All the best teas made from faeces, it seems, come from China. The latest to hit the headlines is tea made from insect excrement which Chinese scientists believe reduces hypertension and improves digestion.
First it was tea made from panda poo — if you can afford the $36,000 per pound price tag — now, it seems, an infusion made from insect excrement may have some desirable health benefits, claim Chinese scientists.
A study published in Food Research International reveals that a traditional tea from Guangxi Province in south west China made from the droppings of insects fed exclusively on tea leaves can aid in improving digestion, alleviating high blood pressure and reducing fat and sugar levels in the bloodstream. Locally the infusion is known as chong shi cha. In the West it's sometimes referred to as dragon ball tea.
Not only does dragon ball tea appear to possess a range of medicinal benefits, whilst the tea is a bit more expensive than everyday tea normally found in grocery stores, against panda poo tea, it’s a real bargain retailing for a mere $25 to $250 a pound, reports French daily Le Figaro.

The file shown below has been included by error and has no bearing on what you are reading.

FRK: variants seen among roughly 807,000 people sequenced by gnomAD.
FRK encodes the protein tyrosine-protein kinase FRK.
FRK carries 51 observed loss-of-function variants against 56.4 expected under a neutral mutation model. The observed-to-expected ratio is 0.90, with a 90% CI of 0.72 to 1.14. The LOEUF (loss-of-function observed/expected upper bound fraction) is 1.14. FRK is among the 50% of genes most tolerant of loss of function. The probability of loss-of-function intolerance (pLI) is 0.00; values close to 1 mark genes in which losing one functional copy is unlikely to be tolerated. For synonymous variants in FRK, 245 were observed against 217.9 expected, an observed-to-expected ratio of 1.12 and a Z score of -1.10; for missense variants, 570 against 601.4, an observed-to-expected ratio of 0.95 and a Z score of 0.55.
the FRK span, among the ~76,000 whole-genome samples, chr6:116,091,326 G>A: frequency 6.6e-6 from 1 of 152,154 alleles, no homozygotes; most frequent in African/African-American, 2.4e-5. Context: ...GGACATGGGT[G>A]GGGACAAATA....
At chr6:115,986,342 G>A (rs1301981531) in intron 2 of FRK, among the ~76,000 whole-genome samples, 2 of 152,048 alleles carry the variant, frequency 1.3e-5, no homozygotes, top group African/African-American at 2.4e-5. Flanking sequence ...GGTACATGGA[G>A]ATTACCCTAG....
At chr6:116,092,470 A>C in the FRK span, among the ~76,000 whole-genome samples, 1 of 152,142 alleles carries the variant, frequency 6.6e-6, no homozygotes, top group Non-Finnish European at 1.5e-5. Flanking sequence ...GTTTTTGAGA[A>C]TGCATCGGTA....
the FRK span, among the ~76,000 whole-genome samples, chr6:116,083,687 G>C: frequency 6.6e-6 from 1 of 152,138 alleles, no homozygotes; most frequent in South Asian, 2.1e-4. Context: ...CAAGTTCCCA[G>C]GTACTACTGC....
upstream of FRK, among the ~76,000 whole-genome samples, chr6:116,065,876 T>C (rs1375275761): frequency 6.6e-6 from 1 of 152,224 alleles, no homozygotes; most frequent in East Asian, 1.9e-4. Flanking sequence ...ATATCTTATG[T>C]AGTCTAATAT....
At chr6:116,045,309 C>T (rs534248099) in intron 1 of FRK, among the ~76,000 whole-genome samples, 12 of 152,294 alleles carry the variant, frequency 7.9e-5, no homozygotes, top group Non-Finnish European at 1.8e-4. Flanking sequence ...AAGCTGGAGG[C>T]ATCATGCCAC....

Research into insect poo tea was carried out by six Chinese researchers examining Chinese herbal medicine and is reported in Food Research International. The researchers characterised the insect excrement infusion as requiring a “minimal dose, having an enjoyable tea flavour, few tea residues and superb transparency”.
Additional health benefits, the researchers say, include protecting the spleen and stomach but although they consider the tea made from insect faeces to be safe and nutritional they concede that further research is required.
At present, manufacture of the specialist insect poo tea is very much a cottage industry with a variety of insect species feeding on different plants being used, there being no mass market industrial process — at least not yet — for insect poo tea.
Maybe all they’re waiting on is an attention grabbing brand name to seduce western consumers to the delights of a cuppa of insect poo tea — somehow ‘crap tea’ just doesn’t cut it.